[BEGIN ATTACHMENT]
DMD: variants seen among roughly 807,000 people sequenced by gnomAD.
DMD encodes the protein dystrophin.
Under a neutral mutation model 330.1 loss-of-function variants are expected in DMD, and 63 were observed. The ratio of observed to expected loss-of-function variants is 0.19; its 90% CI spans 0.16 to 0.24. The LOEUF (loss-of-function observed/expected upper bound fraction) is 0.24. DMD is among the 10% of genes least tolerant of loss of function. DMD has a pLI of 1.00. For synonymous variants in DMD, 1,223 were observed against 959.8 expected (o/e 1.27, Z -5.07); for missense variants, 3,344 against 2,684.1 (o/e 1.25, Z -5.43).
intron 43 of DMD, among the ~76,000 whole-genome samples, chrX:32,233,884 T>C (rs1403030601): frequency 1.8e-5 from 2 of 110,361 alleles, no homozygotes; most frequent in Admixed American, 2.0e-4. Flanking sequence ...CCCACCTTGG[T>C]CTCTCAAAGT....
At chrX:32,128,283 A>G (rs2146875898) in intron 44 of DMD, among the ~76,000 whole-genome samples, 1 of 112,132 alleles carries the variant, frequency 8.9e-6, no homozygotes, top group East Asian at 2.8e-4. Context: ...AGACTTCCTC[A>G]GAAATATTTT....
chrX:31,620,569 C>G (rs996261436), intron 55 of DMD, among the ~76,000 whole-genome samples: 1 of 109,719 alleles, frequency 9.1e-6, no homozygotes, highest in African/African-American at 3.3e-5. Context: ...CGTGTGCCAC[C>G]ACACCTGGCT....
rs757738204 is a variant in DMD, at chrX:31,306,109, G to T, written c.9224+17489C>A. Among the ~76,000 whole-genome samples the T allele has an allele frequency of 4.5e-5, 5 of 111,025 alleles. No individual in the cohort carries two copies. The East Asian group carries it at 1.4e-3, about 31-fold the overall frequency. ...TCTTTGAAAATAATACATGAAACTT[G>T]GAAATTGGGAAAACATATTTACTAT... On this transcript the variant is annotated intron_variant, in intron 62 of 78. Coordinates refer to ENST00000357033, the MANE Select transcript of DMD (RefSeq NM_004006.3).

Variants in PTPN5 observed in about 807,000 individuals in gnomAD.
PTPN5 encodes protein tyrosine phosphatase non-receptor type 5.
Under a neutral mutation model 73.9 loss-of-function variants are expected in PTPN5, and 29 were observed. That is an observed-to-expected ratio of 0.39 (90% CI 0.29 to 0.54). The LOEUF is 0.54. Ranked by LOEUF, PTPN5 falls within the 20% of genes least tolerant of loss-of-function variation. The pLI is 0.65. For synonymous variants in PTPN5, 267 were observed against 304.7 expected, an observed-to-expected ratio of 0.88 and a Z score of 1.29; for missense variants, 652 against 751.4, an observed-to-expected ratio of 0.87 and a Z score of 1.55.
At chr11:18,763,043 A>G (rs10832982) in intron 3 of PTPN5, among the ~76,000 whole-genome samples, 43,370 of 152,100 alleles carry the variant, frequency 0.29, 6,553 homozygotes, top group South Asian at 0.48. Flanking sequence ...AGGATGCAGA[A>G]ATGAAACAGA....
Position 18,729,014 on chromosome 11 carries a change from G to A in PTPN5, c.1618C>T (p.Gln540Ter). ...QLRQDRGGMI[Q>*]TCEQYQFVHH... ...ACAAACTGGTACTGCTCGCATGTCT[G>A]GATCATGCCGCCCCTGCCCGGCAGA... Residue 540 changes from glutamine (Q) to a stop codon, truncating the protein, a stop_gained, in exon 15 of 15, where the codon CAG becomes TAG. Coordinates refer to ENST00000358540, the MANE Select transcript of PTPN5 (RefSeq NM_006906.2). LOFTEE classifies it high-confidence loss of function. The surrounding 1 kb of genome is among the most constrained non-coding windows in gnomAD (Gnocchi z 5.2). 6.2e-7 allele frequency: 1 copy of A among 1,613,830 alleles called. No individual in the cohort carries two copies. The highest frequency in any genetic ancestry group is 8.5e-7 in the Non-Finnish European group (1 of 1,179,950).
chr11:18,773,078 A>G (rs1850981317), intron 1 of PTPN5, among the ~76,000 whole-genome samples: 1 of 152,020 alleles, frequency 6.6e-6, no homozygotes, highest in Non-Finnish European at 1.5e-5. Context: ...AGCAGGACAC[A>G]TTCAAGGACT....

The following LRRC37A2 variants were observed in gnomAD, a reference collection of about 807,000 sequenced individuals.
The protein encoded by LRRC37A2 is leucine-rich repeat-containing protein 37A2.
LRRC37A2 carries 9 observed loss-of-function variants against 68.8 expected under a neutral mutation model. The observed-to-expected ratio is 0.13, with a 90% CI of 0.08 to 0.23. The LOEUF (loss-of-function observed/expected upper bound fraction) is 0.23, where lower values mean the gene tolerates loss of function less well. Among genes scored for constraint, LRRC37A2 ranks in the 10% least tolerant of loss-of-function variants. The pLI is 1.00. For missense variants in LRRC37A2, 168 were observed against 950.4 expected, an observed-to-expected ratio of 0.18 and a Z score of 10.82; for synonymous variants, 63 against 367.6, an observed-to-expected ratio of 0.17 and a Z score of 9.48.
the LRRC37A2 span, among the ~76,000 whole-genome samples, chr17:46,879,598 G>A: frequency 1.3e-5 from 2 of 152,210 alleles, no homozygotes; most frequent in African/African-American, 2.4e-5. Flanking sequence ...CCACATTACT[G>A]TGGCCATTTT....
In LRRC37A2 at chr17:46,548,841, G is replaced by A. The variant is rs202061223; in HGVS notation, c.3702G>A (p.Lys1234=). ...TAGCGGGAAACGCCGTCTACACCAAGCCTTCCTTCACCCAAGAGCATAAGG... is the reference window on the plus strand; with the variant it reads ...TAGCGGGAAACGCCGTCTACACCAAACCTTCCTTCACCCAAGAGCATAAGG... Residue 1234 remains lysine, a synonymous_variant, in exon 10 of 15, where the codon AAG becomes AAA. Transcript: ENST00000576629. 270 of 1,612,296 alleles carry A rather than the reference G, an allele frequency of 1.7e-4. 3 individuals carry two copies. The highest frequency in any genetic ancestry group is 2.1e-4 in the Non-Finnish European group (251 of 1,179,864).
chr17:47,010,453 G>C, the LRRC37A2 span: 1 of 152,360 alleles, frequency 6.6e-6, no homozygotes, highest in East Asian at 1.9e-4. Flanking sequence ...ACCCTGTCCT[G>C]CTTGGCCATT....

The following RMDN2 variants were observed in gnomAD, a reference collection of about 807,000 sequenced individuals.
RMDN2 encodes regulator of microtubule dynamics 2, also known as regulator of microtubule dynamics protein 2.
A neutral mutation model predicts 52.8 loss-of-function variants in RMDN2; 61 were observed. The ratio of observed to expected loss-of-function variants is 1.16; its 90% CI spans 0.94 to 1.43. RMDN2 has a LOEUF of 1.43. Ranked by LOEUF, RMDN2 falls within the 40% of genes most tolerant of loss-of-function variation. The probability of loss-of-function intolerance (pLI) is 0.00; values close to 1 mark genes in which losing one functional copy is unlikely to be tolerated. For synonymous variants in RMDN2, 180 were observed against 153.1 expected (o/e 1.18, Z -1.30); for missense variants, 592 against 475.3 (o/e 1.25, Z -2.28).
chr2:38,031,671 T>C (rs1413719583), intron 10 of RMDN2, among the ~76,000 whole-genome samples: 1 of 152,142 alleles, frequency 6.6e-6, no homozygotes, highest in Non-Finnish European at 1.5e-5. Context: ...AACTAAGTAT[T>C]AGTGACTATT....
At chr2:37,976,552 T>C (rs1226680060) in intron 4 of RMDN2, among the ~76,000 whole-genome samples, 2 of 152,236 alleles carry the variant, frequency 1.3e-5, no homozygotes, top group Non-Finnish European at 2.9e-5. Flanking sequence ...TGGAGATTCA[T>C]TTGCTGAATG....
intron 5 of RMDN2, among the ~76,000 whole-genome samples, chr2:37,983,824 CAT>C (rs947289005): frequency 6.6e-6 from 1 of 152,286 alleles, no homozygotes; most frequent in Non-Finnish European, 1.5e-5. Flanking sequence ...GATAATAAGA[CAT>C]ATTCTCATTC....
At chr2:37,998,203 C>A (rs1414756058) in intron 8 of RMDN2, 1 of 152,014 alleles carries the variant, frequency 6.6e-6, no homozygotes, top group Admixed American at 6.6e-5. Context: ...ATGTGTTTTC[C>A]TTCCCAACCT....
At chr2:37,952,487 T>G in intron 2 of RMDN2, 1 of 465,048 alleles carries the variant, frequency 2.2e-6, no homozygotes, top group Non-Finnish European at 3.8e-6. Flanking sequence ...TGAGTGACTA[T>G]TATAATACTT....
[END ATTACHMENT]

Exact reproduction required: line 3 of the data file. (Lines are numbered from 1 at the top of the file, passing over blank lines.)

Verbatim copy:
Under a neutral mutation model 330.1 loss-of-function variants are expected in DMD, and 63 were observed. The ratio of observed to expected loss-of-function variants is 0.19; its 90% CI spans 0.16 to 0.24. The LOEUF (loss-of-function observed/expected upper bound fraction) is 0.24. DMD is among the 10% of genes least tolerant of loss of function. DMD has a pLI of 1.00. For synonymous variants in DMD, 1,223 were observed against 959.8 expected (o/e 1.27, Z -5.07); for missense variants, 3,344 against 2,684.1 (o/e 1.25, Z -5.43).